The most difficult thing with hunting John Dory is being able to actually locate them. It can be strenuous diving as it usually involves diving on deeper weed lines around the 12 -15m mark. There is a lot of up and down work and moving along the weed line to ensure that you are covering enough ground. For this reason, especially with deeper weed line diving – it is imperative that you dive with a buddy and practise the ‘one-up one-down’ rule. Remember to also watch your recovery times to allow your body to properly flush out excess Co2.
John Dory hunt on the weed lines where the weed meets the sand – the more distinct the division of weed and sand the better for hunting them. They are nearly impossible to see from the surface because their bodies are so thin and compressed and they have excellent camouflage capabilities. It is best to dive down and lie on the sand so that you can see them at eye level or notice any movement that might give them away. It’s usually their shape or long pectoral or dorsal fins that give them away – as well as the distinct eye-like target on the side of their bodies.
New spearos might take a while before they start to run into John Dory and see them on a regular basis. It does take a bit of time to develop the necessary skills to enable you to notice them and pick them out. One indicator that might signal their presence is schooling baitfish or smaller fish as these are hunted by John Dory so are most likely to be close by or at least not too far off.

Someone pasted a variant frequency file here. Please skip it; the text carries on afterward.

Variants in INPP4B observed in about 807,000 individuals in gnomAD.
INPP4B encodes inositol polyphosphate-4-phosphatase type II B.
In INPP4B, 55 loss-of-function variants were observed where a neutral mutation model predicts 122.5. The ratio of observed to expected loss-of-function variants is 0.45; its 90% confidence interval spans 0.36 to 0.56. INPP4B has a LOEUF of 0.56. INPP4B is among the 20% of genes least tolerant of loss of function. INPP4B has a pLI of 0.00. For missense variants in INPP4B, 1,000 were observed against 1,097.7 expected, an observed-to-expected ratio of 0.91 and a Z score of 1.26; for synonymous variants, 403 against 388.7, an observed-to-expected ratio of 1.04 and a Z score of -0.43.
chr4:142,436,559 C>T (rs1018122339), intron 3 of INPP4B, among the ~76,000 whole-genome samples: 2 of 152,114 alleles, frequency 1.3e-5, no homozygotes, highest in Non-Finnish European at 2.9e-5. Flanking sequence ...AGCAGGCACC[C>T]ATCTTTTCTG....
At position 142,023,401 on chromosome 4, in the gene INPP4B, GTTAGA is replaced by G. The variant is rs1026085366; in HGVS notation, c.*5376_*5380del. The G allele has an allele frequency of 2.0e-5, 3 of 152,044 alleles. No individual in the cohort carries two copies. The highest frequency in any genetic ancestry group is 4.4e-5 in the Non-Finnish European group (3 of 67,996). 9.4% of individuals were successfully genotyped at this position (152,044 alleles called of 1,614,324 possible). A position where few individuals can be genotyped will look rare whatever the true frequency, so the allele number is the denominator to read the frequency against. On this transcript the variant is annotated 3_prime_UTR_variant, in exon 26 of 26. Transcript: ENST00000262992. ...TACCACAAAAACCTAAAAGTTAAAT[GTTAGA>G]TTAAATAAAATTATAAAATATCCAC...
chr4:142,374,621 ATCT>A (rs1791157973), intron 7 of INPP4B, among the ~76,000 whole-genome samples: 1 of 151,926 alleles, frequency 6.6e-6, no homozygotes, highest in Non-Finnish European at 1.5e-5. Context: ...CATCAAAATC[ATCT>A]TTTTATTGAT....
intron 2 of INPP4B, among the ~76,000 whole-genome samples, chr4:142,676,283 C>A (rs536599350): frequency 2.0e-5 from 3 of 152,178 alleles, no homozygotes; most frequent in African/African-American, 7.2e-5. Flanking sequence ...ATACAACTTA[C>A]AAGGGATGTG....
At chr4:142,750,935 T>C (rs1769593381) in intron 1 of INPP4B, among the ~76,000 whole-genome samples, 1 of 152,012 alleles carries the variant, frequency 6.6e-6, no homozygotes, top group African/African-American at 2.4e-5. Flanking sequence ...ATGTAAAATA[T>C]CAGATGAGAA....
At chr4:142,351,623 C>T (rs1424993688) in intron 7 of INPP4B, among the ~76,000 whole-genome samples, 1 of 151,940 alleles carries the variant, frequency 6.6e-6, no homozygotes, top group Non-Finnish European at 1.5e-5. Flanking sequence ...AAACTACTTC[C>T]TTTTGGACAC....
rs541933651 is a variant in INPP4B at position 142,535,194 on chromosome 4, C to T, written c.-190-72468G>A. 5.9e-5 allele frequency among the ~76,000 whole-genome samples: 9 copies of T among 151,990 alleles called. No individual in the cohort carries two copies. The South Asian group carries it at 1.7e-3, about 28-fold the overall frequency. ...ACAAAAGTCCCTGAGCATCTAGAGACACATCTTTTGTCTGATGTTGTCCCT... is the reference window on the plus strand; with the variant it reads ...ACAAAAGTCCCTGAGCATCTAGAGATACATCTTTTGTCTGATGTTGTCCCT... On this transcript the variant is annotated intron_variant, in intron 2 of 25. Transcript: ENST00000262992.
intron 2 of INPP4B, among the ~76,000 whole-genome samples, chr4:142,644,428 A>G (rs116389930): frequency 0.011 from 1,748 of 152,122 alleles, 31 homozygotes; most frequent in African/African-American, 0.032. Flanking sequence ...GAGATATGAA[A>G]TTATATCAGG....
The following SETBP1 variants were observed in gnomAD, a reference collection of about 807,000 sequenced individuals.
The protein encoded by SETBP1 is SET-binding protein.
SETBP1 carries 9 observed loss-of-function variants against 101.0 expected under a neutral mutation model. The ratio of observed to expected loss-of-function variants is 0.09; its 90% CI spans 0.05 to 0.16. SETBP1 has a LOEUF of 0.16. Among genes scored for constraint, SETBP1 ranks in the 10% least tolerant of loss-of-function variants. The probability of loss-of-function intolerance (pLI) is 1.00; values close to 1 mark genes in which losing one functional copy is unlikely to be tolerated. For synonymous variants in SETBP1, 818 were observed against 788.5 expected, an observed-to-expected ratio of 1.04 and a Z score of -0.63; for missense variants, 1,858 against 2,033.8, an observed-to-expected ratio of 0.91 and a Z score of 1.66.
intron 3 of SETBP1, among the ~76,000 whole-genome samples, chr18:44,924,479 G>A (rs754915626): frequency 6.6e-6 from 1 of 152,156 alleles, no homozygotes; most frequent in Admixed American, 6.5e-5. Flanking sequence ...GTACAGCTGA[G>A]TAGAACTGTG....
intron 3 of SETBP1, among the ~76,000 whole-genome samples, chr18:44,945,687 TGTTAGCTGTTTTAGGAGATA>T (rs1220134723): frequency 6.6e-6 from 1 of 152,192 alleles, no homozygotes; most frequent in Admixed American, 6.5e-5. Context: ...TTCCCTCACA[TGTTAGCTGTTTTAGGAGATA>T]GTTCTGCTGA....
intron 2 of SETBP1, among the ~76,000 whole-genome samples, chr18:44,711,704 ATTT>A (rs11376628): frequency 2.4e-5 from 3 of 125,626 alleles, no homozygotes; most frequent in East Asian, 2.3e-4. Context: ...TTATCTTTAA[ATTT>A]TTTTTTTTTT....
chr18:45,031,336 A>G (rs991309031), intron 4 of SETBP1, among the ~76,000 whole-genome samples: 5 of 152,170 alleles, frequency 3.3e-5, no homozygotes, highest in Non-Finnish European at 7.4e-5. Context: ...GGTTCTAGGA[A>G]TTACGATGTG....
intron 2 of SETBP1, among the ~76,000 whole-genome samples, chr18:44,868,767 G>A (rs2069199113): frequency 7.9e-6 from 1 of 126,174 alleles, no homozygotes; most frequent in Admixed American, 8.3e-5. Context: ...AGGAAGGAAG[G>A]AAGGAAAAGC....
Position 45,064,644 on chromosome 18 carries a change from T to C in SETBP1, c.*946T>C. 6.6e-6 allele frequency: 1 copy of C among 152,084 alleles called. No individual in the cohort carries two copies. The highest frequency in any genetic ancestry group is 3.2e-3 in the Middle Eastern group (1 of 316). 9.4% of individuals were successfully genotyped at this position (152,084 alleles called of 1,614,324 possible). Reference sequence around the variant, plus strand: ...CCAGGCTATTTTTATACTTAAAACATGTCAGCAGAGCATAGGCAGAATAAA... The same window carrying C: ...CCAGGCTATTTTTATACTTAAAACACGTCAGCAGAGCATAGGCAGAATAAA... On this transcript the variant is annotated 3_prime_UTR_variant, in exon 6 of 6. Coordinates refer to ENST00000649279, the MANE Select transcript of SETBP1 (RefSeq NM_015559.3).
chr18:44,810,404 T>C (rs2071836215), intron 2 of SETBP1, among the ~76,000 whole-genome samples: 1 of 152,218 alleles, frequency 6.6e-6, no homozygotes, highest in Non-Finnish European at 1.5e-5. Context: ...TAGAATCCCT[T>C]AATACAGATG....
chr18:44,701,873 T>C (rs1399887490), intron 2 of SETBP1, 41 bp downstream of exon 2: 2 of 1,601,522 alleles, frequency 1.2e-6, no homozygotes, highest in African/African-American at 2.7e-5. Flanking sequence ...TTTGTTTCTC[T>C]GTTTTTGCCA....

Using burley is not a conventional way to bring in John Dory – but they are attracted to it occasionally, particularly fish burley such as salmon burley. They are also known to be attracted to flasher rigs
which can mimic the shimmering of the smaller baitfish which they hunt. Using both will bring them in and enhance your chances of landing one.
John Dory are relatively easy to shoot if approached properly from above. They do not seem to spook easily, unless you track them excessively with your speargun or take too long with your shot. Occasionally they do offer broadside shots, but the more common reaction from the John Dory, when approached is to turn away from you – using its thin compressed body to try and camouflage itself.
Sometimes stabbing a John Dory with your spear (not even firing the spear) can aid in bringing in other fish species such as kingfish. The John Dory can give off a croaking sound when injured which attracts other pelagic fish – which may help you land one more for the pot.